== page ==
The Fed Ex truck hurtles up my street

like it’s the Indy 500,

banks right onto Ainsworth

like it’s going somewhere

as if there is anywhere to go.

My wife says stop being so dark

and I say darkness

and I say sweetness

and I say slow down

but the Fed Ex truck is doing 90 down South

then coming back with a busted muffler to introduce itself.

The packages rattle and fall off the back of the truck

like the children fall off the back of the truck.

I saw a black one and a Chinese one and a Jewish one and a Muslim one, bounce.

They were all bouncing,

like my daughter’s Technicolor ball she got at Walmart to get her anger out.

Everyone is angry and I sit here and watch the children collide off of parked cars,

bouncing, my daughter bouncing,

and I just sit here. All day long I sit here.

The Fed Ex driver is my friend, Ed, and I say Ed, slow down.

I am trying to toss him a bottle of cold water.

It’s so hot the tires on his truck melt. He’s doing 75 up Bradford on rims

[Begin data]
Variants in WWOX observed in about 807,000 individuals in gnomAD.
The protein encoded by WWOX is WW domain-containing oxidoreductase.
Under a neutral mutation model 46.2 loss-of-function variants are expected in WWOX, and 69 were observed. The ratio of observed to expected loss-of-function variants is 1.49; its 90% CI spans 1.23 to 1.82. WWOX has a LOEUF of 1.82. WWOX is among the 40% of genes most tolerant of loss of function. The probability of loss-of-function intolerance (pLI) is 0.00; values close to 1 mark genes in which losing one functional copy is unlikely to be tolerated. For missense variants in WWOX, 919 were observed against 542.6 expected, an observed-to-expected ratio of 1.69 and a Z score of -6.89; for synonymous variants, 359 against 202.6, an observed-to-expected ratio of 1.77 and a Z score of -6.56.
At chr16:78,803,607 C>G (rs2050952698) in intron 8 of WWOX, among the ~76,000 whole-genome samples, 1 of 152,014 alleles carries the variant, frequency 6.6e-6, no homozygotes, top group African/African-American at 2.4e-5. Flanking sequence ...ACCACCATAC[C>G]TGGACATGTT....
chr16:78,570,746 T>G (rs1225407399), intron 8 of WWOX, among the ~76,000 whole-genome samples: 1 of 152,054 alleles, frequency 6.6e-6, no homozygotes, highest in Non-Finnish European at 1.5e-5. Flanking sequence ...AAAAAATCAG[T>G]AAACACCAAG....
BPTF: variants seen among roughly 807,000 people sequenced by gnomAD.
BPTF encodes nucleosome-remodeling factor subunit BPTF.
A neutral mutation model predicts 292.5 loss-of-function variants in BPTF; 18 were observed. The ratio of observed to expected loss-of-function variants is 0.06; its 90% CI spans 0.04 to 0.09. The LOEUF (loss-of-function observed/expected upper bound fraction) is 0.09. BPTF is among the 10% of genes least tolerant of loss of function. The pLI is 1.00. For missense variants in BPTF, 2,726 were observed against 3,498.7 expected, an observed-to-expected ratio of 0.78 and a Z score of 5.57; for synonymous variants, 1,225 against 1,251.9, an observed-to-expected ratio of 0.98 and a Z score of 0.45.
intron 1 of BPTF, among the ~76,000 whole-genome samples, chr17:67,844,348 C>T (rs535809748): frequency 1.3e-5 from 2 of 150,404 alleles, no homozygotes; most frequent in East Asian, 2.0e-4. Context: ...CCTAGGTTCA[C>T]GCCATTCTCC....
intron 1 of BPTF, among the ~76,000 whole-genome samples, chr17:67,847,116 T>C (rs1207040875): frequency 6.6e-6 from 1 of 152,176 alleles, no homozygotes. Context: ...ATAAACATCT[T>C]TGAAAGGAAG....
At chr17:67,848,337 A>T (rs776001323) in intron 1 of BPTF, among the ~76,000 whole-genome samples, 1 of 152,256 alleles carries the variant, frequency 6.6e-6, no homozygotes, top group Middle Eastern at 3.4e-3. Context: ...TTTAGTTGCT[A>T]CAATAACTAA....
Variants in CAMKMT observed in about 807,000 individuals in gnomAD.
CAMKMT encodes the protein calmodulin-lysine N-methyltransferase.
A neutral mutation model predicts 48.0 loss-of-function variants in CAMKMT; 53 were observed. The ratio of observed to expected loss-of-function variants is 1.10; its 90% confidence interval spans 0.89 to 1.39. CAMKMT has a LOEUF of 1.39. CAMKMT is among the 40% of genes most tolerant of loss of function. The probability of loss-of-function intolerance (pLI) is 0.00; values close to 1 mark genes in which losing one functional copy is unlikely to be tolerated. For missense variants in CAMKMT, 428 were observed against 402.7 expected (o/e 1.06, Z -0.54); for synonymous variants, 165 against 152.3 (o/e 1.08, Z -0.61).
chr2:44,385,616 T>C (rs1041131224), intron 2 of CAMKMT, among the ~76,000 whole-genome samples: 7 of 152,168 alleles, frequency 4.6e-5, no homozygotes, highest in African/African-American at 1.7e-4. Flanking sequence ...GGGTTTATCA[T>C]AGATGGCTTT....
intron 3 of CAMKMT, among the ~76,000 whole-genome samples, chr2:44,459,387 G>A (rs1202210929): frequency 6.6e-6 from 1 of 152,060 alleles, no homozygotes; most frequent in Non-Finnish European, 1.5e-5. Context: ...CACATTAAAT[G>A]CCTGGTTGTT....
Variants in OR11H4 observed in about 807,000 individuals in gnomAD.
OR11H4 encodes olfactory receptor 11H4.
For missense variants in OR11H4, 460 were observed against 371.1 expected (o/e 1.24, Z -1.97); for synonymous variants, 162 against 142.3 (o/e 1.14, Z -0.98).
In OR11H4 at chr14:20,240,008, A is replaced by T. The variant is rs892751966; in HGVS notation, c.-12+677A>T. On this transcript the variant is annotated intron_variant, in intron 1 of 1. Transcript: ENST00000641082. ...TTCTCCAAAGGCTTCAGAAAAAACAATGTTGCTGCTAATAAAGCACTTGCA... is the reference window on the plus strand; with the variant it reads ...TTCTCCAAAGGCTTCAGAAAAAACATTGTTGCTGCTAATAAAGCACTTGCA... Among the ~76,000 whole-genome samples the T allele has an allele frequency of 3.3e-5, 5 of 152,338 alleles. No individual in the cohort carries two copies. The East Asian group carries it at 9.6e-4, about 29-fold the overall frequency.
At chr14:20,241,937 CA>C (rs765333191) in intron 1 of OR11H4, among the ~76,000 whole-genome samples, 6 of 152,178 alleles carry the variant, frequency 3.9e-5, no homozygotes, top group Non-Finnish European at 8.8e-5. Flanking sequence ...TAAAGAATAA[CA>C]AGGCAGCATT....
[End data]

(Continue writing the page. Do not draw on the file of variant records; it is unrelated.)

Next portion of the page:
and the sparks are flying, ricocheting off the church steps and the clouds.

It’s the 4th of July.

It’s the 4th day of the year.

It’s the 4-month of the lock down.

We’re all pissed off and my wife says,

stop sitting around and do something.

So, I bounce off my porch and run down the street

dodging the Fed Ex truck to retrieve the children.

I can’t retrieve the children.

They are half way into their own.

Their ownness.

I have tried so long to keep people safe by being kind.

Ed, on the 6th trip up this street, finally catches the iced cold 12 oz. Poland Spring,

blows me a kiss and more kids fall off the truck.

The short one and fat one and purple one and monster one and the one with pretty toenails and the smart one who knows math.

Maybe they’ll figure out the algorithm to slow everything down, the anger, the lockdown,

the kind of meanness I thought didn’t exist

till I saw my kid bounce her ball so hard

it hit the top of a mountain and, swear to God, knocked off all the snow.